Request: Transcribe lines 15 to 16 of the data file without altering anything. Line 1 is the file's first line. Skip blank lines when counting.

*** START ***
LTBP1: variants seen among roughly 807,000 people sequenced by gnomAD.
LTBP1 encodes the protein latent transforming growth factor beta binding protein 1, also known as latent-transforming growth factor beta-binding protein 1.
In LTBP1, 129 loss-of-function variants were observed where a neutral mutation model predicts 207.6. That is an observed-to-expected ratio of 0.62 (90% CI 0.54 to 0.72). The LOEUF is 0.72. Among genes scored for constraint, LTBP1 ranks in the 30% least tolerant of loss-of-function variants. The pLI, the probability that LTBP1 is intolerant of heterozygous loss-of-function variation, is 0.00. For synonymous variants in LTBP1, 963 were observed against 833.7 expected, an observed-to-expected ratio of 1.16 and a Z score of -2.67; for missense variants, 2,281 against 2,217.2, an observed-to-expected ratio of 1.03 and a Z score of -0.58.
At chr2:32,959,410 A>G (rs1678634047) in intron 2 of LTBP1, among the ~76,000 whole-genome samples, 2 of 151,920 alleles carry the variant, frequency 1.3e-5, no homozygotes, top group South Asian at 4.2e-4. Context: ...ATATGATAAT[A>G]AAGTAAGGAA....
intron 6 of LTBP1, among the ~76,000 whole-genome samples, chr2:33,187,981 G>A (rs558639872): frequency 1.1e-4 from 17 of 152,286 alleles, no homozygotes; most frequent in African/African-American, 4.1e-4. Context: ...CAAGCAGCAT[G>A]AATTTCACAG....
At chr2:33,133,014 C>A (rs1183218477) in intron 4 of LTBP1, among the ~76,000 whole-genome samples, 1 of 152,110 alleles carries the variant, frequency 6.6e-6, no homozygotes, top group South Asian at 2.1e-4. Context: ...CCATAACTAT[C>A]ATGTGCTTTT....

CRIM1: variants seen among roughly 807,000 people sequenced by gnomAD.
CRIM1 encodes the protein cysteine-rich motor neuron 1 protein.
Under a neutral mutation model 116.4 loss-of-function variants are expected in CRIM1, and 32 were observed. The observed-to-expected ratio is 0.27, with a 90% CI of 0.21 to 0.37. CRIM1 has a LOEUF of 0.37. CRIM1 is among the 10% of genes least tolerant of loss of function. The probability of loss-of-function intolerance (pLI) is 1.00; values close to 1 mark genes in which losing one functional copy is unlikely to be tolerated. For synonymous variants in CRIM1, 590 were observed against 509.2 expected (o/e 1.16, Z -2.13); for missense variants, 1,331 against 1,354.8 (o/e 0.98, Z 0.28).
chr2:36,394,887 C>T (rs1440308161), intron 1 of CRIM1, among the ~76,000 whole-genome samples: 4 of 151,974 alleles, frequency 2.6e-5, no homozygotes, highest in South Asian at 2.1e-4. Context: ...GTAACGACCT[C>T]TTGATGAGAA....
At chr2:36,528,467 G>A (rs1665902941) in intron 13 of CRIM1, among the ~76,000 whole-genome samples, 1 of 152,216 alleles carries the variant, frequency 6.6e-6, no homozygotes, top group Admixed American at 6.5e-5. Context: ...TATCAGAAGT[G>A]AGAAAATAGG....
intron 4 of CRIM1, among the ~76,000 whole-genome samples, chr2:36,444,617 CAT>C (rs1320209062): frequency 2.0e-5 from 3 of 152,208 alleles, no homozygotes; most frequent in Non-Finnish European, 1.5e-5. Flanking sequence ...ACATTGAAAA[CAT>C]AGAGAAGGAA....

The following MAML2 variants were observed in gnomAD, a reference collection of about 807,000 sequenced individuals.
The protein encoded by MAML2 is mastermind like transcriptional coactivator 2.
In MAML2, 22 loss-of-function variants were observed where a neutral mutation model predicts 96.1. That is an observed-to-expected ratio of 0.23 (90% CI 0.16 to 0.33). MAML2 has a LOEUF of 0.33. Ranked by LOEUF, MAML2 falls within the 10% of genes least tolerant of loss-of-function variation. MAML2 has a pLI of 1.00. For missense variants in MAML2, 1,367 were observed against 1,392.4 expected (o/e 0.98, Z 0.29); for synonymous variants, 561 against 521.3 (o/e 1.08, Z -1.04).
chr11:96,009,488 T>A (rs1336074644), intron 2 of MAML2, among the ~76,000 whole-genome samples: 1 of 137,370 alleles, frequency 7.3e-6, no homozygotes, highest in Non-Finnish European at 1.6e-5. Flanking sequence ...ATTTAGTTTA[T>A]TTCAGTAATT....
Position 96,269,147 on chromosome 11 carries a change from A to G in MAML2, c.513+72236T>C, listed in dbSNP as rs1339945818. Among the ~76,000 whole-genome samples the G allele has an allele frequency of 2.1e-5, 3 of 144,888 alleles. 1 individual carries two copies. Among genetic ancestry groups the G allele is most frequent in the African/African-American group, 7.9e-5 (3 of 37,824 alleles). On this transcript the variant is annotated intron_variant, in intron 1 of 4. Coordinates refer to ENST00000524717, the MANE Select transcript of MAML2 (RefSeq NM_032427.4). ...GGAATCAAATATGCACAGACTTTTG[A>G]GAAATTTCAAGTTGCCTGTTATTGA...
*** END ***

In MAML2, 22 loss-of-function variants were observed where a neutral mutation model predicts 96.1. That is an observed-to-expected ratio of 0.23 (90% CI 0.16 to 0.33). MAML2 has a LOEUF of 0.33. Ranked by LOEUF, MAML2 falls within the 10% of genes least tolerant of loss-of-function variation. MAML2 has a pLI of 1.00. For missense variants in MAML2, 1,367 were observed against 1,392.4 expected (o/e 0.98, Z 0.29); for synonymous variants, 561 against 521.3 (o/e 1.08, Z -1.04).
chr11:96,009,488 T>A (rs1336074644), intron 2 of MAML2, among the ~76,000 whole-genome samples: 1 of 137,370 alleles, frequency 7.3e-6, no homozygotes, highest in Non-Finnish European at 1.6e-5. Flanking sequence ...ATTTAGTTTA[T>A]TTCAGTAATT....